HTC’s custom Android ROM suffers from a major security vulnerability, feeding personal information into any application.
The latest version of HTC’s Android software keeps a log of email addresses, SMS data, location, phone numbers and system logs compliments to a suite of HTC logging tools installed on devices with the most recent version of HTC software. Alone, the collecting of such extensive and personal data has been the focal point of much debate, especially when the data can be accessed by any application.
Malicious applications that have Internet permissions will be able to tap into HTC user data and relay them to a server. Unlike Apple’s App store, Android does not vet every application uploaded. This allows for a malicious application to mask itself, say as a web browser, while stealing private date in the phone’s background.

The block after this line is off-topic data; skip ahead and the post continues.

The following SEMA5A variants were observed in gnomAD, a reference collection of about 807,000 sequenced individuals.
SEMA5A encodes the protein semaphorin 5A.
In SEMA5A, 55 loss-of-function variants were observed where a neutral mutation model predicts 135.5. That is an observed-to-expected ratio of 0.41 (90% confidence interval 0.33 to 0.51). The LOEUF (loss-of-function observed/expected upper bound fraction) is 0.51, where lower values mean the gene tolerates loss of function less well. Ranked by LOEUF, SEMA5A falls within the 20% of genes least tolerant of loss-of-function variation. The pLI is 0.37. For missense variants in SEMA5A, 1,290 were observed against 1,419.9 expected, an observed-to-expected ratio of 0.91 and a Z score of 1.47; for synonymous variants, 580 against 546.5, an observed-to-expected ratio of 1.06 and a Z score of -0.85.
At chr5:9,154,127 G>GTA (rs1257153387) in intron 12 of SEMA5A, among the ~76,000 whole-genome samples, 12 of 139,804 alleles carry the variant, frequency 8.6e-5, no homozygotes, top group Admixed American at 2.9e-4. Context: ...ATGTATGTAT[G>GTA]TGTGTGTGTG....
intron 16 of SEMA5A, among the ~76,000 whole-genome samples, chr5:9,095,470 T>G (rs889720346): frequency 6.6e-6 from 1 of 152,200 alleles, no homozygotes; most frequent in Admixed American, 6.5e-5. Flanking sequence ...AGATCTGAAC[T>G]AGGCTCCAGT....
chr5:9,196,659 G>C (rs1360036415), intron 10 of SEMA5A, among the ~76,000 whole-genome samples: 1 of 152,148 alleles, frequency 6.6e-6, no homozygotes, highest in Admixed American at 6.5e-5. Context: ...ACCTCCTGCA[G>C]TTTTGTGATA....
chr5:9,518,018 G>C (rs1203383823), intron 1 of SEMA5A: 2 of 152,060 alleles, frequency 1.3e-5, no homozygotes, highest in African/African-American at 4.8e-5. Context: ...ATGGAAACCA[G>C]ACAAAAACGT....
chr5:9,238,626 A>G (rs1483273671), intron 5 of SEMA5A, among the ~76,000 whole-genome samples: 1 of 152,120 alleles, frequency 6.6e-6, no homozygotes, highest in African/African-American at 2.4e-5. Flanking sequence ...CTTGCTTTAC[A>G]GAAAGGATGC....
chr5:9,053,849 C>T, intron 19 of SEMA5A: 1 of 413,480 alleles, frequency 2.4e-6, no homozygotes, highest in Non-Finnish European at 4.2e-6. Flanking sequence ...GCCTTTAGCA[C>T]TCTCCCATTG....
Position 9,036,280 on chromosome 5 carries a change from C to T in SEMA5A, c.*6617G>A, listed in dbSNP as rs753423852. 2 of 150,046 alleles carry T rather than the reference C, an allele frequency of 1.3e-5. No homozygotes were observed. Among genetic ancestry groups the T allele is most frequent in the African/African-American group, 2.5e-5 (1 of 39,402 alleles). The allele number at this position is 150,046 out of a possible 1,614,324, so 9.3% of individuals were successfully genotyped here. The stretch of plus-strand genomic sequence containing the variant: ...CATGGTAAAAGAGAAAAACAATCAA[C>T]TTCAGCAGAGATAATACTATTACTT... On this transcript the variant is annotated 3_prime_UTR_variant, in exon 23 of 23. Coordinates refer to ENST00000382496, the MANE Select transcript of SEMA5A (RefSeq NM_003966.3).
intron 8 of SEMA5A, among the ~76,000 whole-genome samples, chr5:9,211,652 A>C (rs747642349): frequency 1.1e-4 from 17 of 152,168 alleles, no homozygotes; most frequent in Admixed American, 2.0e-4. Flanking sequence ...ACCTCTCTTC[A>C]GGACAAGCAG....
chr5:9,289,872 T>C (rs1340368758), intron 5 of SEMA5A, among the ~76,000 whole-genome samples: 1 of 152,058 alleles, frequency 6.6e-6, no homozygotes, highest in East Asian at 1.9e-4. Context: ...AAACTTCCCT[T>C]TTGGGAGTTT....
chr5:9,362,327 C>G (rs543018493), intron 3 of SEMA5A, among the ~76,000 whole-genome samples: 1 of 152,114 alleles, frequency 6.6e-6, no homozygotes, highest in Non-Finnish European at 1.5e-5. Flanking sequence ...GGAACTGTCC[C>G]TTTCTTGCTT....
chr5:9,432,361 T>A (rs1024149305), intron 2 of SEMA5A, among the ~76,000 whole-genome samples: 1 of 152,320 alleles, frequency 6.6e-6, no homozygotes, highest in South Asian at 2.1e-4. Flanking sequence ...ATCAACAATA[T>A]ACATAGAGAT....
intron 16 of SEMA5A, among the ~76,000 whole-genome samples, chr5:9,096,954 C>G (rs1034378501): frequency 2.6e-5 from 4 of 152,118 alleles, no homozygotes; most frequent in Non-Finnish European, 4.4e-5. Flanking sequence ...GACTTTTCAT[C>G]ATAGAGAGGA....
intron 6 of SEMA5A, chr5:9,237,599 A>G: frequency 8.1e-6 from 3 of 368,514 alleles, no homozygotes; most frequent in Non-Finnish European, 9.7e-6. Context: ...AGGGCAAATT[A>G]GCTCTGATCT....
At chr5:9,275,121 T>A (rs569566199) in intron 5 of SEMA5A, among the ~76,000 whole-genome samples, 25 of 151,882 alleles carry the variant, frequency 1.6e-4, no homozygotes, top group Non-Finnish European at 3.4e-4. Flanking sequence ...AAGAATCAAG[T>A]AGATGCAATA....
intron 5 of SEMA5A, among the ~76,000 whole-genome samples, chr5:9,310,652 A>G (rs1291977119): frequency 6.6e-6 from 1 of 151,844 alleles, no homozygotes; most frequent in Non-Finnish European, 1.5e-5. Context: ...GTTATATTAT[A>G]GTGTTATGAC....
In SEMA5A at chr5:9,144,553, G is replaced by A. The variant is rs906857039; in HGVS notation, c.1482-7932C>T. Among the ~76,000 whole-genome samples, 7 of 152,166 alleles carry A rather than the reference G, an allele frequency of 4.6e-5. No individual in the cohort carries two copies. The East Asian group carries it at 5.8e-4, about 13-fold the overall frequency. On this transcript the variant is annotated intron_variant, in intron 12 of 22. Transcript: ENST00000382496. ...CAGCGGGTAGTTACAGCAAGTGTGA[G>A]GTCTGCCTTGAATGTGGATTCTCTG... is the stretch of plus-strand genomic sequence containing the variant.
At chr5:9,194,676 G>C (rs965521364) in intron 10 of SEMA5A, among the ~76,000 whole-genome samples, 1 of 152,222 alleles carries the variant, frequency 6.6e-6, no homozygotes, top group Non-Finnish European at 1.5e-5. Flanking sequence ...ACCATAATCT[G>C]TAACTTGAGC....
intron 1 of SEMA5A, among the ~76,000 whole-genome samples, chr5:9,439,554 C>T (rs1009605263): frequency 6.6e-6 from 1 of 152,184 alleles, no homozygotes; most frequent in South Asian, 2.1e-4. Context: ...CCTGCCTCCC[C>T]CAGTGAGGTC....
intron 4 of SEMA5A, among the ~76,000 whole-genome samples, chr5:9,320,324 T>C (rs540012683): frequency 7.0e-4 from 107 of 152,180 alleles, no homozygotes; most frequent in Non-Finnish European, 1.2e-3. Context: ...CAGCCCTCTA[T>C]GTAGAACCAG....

Currently the two affected HTC models in Australia include the HTC Sensation, which is exclusive to Telstra, and the HTC EVO 3D, sold by both Telstra and Vodafone. The two carriers are aware of the issue and are awaiting word from HTC regarding an update.
“Once the investigation is complete we will assess the findings to ensure our customers are protected,” a Telstra spokesman said.
So far, HTC claims to take personal security very seriously, and addressed the SMH saying they “will provide an update as soon as we’re able to determine the accuracy of the claims and what steps, if any, need to be taken.”
Security experts Trevor Eckhart, Justin Case and Artem Russakovskii, who approached HTC 5 days earlier regarding the security issue with no response, exposed the vulnerability.
Their decision to release the exploit publicly will help consumers make security conscious decisions when buying a phone, but will also increase the number of malicious applications targeting the vulnerability now that it is widely known.